The data presented during this session stemmed from the recently updated financial survey of Green House partners by Terri Metzker of Chi Partners. In this survey, she explored the essential elements to achieve viability through comprehensive culture change.
To learn more about how Green House homes are faring in comparison to national trends and the importance of leadership to create sustainable results, please download the full webinar>>
Rising demographic changes are driving evolution and innovation in senior living organizations. Specifically, there are two key stakeholder groups providers need to target when thinking about their market audience, the baby boomers and millennials. As roughly 10,000 baby boomers turn 65 each day, the aging services spectrum enters a large period of scale. We now see a trend in non-traditional healthcare players entering the industry as they discover their unique role in solutions around aging, from technology to transportation. Senior living providers will need to adapt and evolve to meet the new preferences and characteristics of the baby boomer generation to connect with the new older adult. Specifically, Lisa discusses language changes, wellness initiatives, resident engagement and support services, and community life. As a major part of the workforce of the future, millennials have new values regarding recruitment, retention, and employee engagement. Lisa encourages providers to be “thinking smart” about attracting millennials into our field, particularly when competing with other industries. Four out of the six top projected in-demand occupations fall in our field, creating a growing number of professional opportunities for this rising workforce (Personal Care Aide, Registered Nurse, Home Health Aide, and Certified Nursing Assistant). Lisa shares labor challenges many organizations face and presents best practices to overcome workforce barriers to attract and retain great talent.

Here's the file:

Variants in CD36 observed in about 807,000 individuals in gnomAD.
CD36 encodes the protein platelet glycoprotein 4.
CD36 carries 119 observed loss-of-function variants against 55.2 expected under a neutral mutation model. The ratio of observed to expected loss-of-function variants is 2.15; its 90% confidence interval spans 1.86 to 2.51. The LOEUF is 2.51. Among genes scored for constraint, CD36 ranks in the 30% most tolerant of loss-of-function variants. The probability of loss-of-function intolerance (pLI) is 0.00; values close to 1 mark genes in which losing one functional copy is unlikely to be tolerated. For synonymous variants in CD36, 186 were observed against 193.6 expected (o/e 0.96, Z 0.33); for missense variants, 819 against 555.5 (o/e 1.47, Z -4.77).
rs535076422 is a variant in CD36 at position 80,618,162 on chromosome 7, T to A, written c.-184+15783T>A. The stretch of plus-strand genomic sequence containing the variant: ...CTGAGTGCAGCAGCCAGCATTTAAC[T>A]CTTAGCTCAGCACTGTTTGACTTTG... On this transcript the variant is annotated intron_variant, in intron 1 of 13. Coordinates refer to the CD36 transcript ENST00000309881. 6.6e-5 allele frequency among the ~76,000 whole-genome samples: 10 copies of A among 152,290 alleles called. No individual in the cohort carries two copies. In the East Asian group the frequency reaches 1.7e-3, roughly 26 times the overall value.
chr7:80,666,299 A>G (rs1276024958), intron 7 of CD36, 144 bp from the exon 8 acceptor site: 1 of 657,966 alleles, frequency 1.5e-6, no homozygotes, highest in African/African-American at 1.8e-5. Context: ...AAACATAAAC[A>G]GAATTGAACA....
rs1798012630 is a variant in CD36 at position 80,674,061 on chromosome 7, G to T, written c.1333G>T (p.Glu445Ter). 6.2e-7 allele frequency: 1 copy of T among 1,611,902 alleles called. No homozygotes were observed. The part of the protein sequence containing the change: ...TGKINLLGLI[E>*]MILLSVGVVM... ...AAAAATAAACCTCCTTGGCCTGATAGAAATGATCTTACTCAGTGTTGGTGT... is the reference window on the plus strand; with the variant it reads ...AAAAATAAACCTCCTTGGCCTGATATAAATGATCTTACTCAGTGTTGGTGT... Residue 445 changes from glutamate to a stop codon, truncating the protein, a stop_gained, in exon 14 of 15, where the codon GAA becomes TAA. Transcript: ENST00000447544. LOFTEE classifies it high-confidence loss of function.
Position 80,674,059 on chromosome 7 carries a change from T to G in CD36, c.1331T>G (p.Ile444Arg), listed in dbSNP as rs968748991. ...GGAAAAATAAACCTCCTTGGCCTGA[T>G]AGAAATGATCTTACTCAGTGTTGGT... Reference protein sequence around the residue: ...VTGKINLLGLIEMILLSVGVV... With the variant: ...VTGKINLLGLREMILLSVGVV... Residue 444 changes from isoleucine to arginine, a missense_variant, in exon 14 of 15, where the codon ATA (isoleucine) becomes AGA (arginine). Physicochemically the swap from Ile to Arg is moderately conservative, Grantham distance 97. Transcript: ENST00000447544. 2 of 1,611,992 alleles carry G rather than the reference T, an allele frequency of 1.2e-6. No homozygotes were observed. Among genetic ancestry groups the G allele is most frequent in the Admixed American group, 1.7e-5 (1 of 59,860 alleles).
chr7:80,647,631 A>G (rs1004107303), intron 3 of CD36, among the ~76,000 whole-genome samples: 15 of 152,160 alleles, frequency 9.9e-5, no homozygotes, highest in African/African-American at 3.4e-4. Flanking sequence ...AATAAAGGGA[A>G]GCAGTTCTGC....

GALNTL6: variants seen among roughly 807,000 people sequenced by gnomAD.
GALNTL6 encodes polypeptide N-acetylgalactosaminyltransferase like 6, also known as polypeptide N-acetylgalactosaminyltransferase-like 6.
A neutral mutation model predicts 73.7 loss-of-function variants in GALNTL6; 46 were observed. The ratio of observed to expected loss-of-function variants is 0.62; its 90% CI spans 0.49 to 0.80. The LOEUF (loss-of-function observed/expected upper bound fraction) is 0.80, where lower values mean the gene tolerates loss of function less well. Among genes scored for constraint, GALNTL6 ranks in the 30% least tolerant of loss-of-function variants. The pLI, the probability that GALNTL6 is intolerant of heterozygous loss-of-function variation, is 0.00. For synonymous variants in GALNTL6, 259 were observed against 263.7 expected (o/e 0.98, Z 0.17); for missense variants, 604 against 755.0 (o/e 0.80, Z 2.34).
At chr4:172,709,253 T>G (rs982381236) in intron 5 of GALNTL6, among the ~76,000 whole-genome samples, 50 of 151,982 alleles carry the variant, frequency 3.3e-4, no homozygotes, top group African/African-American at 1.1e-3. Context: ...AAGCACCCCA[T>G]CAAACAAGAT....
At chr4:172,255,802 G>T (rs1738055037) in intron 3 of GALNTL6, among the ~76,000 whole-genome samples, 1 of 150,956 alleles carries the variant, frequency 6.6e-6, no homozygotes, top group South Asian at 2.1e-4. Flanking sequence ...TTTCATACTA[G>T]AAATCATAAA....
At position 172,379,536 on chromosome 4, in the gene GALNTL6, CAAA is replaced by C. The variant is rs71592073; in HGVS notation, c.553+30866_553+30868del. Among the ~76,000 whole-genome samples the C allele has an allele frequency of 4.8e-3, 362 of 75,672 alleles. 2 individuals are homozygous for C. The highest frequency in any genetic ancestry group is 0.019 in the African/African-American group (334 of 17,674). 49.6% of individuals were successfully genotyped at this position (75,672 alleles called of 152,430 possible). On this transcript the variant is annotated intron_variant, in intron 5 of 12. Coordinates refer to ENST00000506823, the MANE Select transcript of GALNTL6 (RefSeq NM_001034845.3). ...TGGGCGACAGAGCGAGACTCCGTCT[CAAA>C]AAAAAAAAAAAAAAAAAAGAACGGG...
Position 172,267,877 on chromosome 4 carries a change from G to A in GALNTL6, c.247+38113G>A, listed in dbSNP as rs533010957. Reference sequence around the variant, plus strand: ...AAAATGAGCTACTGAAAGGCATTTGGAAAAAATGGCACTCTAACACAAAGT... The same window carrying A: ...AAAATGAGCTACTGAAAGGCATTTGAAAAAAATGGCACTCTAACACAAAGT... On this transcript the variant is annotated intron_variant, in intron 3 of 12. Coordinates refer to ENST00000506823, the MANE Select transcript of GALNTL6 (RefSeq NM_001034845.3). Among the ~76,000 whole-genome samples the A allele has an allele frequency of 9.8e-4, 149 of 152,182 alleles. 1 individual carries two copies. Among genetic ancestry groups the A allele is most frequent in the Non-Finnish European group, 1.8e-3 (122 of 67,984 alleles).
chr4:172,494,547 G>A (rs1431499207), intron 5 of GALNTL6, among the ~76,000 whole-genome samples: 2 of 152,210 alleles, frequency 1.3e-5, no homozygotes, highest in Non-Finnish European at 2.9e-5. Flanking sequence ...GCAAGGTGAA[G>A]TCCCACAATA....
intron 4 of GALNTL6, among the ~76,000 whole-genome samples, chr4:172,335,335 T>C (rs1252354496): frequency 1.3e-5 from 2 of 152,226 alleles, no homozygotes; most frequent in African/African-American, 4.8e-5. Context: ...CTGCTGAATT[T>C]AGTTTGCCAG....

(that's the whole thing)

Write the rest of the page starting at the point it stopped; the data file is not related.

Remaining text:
How is senior living changing and growing? There are significant differences between not-for-profit and for-profit growth and development. In the not-for-profit sector, organizations are focused on expanding and renovating current communities rather than building new locations to adapt to the changing demographic. Not-for-profit providers are also focused on repositioning their skilled nursing neighborhoods away from the institutional model and reinvesting in real home environments, such as The Green House model to support organizational culture change and provide elder-centered care. In the for-profit sector, Ziegler is seeing a growing number of new communities, particularly in the Assisted Living and Memory Care space across the country. However, in both sectors, there is a growing number of sponsorship transitions and mergers and acquisitions because of several factors, including the increased complexity of healthcare reform and organizational leadership turnover.
In our dynamic environment, Lisa provides an overview of the pressures many providers are facing, particularly in the post-acute rehab space. Decreased length of stay, higher acuity levels, narrowing hospital networks, and an increasing number of treatment plans that skip skilled care entirely place high pressures on skilled nursing providers as occupancy trends decline. Lastly, as we look toward the future, we see new technology entrepreneurs continue to emerge providing innovative solutions that are paving the future of resident care, organizational staffing, caregiver communication, and family engagement.